Side profile of a polar bear

The polar bear's listing as a threatened species under the Endangered Species Act was a watershed moment--the first time a species was protected solely because of the threat from global warming.

© Kt Miller/Polar Bears International

9/24/2018 1:23:30 PM

Stand up for the Endangered Species Act

By Kassie Siegel

This year is the tenth anniversary of the polar bear’s protection as a threatened species under the U.S. Endangered Species Act. 

I still vividly remember anxiously awaiting a decision that could change environmental policy forever. I was in my office with butterflies in my stomach and a film crew in the next room ready to record my reaction. When the news hit that the George W. Bush administration would protect the bear under the Endangered Species Act due to climate change, it was one of the happiest moments of my life. 

As an attorney with the Center for Biological Diversity, I fought for that protection for more than three years, an effort supported by our conservation partners at Polar Bears International. 

The polar bear’s listing was a watershed decision. It was the first time a species was protected solely because of the threat from global warming. It was an acknowledgment from the federal government that climate change is real, urgent, and dangerous enough to wipe out a species. And it provided the polar bear with desperately needed protections while the world struggles to cut greenhouse gas pollution sharply and swiftly enough to fight the climate crisis and save the Arctic sea ice. 

But today, I’m more worried than ever about polar bears and other climate-threatened wildlife – and it’s not just because the current White House is the capital of climate denial.

Recently, the Trump administration proposed changes that would drastically weaken the Endangered Species Act. These changes would ensure that hundreds of imperiled species awaiting protection — like the monarch butterfly and the American wolverine — either never get safeguards, or if they are listed, receive substantially less protection. 

The proposals would slam a wrecking ball into the most crucial protections for our most endangered wildlife.

Everyone knows that it is not possible to save imperiled species without protecting the areas where they live, yet the new rules contain several provisions slashing protections for species’ “critical habitat.” First, the government would ignore harms to a critical habitat unless they impact the entirety of an animal’s habitat — ignoring the fact that “death by a thousand cuts” is the most common way wildlife declines toward extinction.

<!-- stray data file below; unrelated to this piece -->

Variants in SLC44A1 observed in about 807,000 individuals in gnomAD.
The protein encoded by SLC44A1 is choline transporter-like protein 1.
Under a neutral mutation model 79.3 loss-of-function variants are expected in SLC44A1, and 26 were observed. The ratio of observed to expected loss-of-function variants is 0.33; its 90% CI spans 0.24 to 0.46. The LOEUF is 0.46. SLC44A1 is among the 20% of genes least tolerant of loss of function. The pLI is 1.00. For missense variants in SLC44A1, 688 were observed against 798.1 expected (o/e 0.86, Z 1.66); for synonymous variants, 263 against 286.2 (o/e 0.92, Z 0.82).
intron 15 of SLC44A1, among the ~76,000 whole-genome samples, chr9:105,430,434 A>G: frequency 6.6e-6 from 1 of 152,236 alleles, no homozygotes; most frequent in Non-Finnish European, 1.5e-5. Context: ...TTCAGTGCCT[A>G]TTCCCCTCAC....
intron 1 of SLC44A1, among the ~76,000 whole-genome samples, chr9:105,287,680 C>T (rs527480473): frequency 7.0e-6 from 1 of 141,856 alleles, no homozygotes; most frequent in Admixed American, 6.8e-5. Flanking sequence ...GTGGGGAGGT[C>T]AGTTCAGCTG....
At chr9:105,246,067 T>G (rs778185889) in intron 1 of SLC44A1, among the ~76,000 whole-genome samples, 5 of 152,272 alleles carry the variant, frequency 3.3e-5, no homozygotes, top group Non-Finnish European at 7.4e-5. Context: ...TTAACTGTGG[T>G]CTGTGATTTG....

Several of the changes are targeted directly at the polar bear, including the proposal to prohibit designation of critical habitat for species threatened by climate change. Allowing the federal government to turn a blind eye to climate change will be a death sentence for polar bears and hundreds of other animals and plants imperiled by climate disruption.

The changes would also gut wildlife agencies’ ability to designate critical habitat in unoccupied areas needed for recovery. Even though most endangered species currently occupy small fractions of their historic range, those areas would effectively be precluded from ever helping a species recover. Of course, if we are going to save wildlife, we have to let them return to places they used to roam.

The proposal would also slash the number of species protected in the first place by encouraging the use of economic information, rather than science, to make listing decisions. And finally, other provisions would strip virtually all protections species currently receive when they are listed as “threatened” by the U.S. Fish and Wildlife Service.

The Endangered Species Act is the world’s most effective environmental law, with a 99 percent success record of preventing the extinction of species listed to date. But if the Trump administration’s proposed regulations had been in place in the 1970s, this would not be the case, and animals from the California condor to the Yellowstone grizzly might be extinct today.

If these new rules are finalized now, we will be one step closer to losing the polar bear and hundreds of other species forever.

In an era of accelerating warming and climate disruption, polar bears need our help now more than ever. If you're a U.S. citizen, please add your voice to the chorus telling the Trump administration to keep its paws off the Endangered Species Act by speaking up and contacting your representatives.

Kassie Siegel is the director of the Center for Biological Diversity’s Climate Law Institute. In 2005 she spearheaded the successful effort to gain the polar bear protection under the U.S. Endangered Species Act due to threats from global warming.

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